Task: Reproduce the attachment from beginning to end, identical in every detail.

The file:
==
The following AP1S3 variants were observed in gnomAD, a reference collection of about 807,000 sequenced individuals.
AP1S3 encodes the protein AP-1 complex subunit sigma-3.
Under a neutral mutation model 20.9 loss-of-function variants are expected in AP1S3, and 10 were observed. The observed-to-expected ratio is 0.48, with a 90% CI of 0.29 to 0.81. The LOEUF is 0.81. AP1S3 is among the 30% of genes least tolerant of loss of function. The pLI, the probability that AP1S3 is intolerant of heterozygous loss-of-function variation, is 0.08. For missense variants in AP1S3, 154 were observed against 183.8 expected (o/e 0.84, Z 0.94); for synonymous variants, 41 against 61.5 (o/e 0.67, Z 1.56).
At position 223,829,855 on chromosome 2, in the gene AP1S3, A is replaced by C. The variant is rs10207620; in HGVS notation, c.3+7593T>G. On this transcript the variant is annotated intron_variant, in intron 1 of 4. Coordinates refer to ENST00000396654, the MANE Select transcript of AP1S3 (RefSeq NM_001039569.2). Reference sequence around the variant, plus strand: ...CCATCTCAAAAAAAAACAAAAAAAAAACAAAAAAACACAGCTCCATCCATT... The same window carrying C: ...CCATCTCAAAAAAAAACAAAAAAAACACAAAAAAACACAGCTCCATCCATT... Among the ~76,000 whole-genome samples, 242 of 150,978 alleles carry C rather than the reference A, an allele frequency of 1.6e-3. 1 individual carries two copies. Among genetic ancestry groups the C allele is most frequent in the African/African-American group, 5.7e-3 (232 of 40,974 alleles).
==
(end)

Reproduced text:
The following AP1S3 variants were observed in gnomAD, a reference collection of about 807,000 sequenced individuals.
AP1S3 encodes the protein AP-1 complex subunit sigma-3.
Under a neutral mutation model 20.9 loss-of-function variants are expected in AP1S3, and 10 were observed. The observed-to-expected ratio is 0.48, with a 90% CI of 0.29 to 0.81. The LOEUF is 0.81. AP1S3 is among the 30% of genes least tolerant of loss of function. The pLI, the probability that AP1S3 is intolerant of heterozygous loss-of-function variation, is 0.08. For missense variants in AP1S3, 154 were observed against 183.8 expected (o/e 0.84, Z 0.94); for synonymous variants, 41 against 61.5 (o/e 0.67, Z 1.56).
At position 223,829,855 on chromosome 2, in the gene AP1S3, A is replaced by C. The variant is rs10207620; in HGVS notation, c.3+7593T>G. On this transcript the variant is annotated intron_variant, in intron 1 of 4. Coordinates refer to ENST00000396654, the MANE Select transcript of AP1S3 (RefSeq NM_001039569.2). Reference sequence around the variant, plus strand: ...CCATCTCAAAAAAAAACAAAAAAAAAACAAAAAAACACAGCTCCATCCATT... The same window carrying C: ...CCATCTCAAAAAAAAACAAAAAAAACACAAAAAAACACAGCTCCATCCATT... Among the ~76,000 whole-genome samples, 242 of 150,978 alleles carry C rather than the reference A, an allele frequency of 1.6e-3. 1 individual carries two copies. Among genetic ancestry groups the C allele is most frequent in the African/African-American group, 5.7e-3 (232 of 40,974 alleles).